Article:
2017-07-13 / Letters

State Tax Reform


TO THE EDITOR: THE NORTHFIELD NEWS

GOVERNOR SCOTT has told agency heads
to propose budgets that include spending
cuts of 2% to 4%. Sound familiar? It
should. We've been down this road before and we
are bound to end up in the same place, yet again.
Focusing only on budget cuts is a mistake. We
can look for efficiencies but there are some basic
problems with the cuts only approach; our state
budget already underfunds needed services and
the tax system that raises the money that funds
the budget is unfair. Like it or not, we need more
investment in everything from social workers and
early education to clean water and infrastructure.
Otherwise our problems will only get worse. Budget
cuts clearly don't help. And, our current tax system
puts too much pressure on middle income families.
So, instead of yet another round of budget cuts
we should put down the scissors, make our tax
system more fair, and deliver tax relief to middle
class families.
Middle and lower income people already pay a
larger share of their income to fund state government
than wealthier folks do. They pay about 10%
of their income in state and local taxes while the
wealthiest contribute 7.7%. (Public Assets
Institute/Institute on Taxation and Economic
Policy). For school funding they pay about 3% of
their income while those with higher incomes pay
less (Vt. Dept. Taxes).
To add to the inequity, between 2008 and 2014
the wealthiest Vermonters saw their incomes double
while those earning under $100,000 saw minimal
gains or actual drops in income (Vt. Dept.
Taxes).
So, the same people who struggle hardest to pay
for childcare and college and to pay the rent or
afford a home, the same people with stagnant or
declining incomes, make the biggest sacrifice when
it comes to paying taxes.
No wonder they are fed up with politics as usual.
It's not fair. And, it's the part of the so called affordability
problem the Governor and others choose to
ignore.
You may or may not like paying taxes, but let's
agree they should be fair.
Fortunately, we can make taxes more fair while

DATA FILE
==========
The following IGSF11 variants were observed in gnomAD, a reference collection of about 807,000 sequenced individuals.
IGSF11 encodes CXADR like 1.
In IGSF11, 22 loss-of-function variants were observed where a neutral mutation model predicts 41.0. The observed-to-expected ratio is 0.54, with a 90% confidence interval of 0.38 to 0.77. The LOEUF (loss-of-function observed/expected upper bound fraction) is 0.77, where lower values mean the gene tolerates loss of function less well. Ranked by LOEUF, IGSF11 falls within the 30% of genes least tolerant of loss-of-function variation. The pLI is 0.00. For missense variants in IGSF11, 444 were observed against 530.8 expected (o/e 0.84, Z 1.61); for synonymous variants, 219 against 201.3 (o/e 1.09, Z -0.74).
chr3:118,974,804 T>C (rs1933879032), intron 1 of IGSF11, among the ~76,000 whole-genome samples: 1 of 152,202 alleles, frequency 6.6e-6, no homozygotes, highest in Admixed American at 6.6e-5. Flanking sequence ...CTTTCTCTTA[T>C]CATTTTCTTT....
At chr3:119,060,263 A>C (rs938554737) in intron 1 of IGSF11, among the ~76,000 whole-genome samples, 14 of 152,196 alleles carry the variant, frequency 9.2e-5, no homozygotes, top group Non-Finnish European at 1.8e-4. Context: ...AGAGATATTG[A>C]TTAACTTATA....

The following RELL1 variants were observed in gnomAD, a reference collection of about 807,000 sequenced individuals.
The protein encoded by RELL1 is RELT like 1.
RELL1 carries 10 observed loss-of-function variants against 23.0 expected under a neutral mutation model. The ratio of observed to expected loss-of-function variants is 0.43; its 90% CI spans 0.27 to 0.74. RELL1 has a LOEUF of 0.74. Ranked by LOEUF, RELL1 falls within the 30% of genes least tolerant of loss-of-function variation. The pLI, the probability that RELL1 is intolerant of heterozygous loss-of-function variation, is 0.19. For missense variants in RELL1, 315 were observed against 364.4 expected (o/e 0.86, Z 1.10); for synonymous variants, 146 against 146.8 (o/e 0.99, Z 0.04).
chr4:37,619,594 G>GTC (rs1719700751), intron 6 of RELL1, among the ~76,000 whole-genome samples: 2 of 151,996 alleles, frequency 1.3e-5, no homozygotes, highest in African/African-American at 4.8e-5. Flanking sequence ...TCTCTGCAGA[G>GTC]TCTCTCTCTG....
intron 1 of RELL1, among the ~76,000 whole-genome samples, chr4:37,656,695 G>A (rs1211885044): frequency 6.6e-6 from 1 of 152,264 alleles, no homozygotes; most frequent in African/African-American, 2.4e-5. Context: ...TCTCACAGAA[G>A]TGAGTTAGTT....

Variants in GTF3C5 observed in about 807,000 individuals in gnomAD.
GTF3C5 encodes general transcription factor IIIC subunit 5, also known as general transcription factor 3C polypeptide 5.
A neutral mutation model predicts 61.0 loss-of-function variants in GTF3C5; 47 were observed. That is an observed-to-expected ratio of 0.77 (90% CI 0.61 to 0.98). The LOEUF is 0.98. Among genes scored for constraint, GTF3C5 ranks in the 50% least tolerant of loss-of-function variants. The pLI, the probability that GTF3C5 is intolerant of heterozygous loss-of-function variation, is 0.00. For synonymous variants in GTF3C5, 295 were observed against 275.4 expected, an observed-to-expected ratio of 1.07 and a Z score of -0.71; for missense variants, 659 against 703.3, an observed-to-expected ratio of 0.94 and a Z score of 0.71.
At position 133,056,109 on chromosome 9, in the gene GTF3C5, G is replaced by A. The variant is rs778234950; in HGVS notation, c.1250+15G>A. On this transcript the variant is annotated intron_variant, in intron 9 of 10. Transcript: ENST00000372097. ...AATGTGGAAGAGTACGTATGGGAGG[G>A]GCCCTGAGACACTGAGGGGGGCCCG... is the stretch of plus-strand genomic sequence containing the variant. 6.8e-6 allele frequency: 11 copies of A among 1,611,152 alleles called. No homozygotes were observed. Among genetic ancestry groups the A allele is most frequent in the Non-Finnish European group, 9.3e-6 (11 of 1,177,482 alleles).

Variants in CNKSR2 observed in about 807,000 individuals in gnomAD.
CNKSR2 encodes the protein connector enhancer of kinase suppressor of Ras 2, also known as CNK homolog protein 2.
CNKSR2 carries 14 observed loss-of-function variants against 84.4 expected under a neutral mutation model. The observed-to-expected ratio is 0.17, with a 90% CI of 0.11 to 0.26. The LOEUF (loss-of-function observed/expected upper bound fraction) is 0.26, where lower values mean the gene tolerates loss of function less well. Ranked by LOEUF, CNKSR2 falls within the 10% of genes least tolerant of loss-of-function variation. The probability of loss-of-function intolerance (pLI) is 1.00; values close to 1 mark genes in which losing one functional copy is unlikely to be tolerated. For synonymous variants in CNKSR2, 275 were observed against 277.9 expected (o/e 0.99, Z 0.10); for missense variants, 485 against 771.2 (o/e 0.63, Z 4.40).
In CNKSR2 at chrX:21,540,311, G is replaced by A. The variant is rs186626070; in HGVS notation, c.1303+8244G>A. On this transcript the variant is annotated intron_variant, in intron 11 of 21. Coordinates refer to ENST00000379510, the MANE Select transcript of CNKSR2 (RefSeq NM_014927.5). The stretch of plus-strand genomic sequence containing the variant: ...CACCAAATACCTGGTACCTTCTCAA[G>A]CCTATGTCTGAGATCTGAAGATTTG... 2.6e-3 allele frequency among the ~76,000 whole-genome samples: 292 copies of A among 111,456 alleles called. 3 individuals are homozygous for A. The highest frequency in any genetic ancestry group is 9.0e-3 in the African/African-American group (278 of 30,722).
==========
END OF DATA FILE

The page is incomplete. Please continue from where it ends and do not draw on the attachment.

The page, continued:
also generating more revenue. But, it means those
who have been benefiting from the current unfair,
system will pay their fair share. It's not about new
broad based taxes or about soaking the rich. It's
about restoring fairness. And, standing up for hard
pressed middle and lower income families. The
same folks, by the way, who will bear the brunt of
budget cuts.
Senator Chris Pearson and I have introduced a
plan to make education funding more fair by moving
school funding more towards income, extending
the income sensitivity policy that most
Vermonters already use to pay school taxes. Higher
income Vermonters would pay based on the greater
of their income or property values. According to the
Joint Fiscal Office, it would generate $80 million in
new revenue to invest in education or reduce property
taxes for middle and lower income families.
We could also eliminate tax deductions that favor
the wealthy. We are one of only seven states that
allow the widest range of tax deductions and
exemptions by basing state income taxes on federal
taxable income. By changing to adjusted gross
income we could lower rates for everyone and
recapture tens of millions of dollars in deductions
that now generally benefit wealthy taxpayers.
Tax reforms like this deserve serious consideration,
more than yet another round of budget cuts.
But, they are largely ignored. Instead we keep chipping
away at the budget, cutting important services
and environmental protections, protecting the
wealthy and making life harder for already hard
pressed, middle class Vermonters. It's not working.
And, it's not fair.
It's time to change course and give the middle
class a break.
ANTHONY POLLINA
Vermont Senate
Washington County

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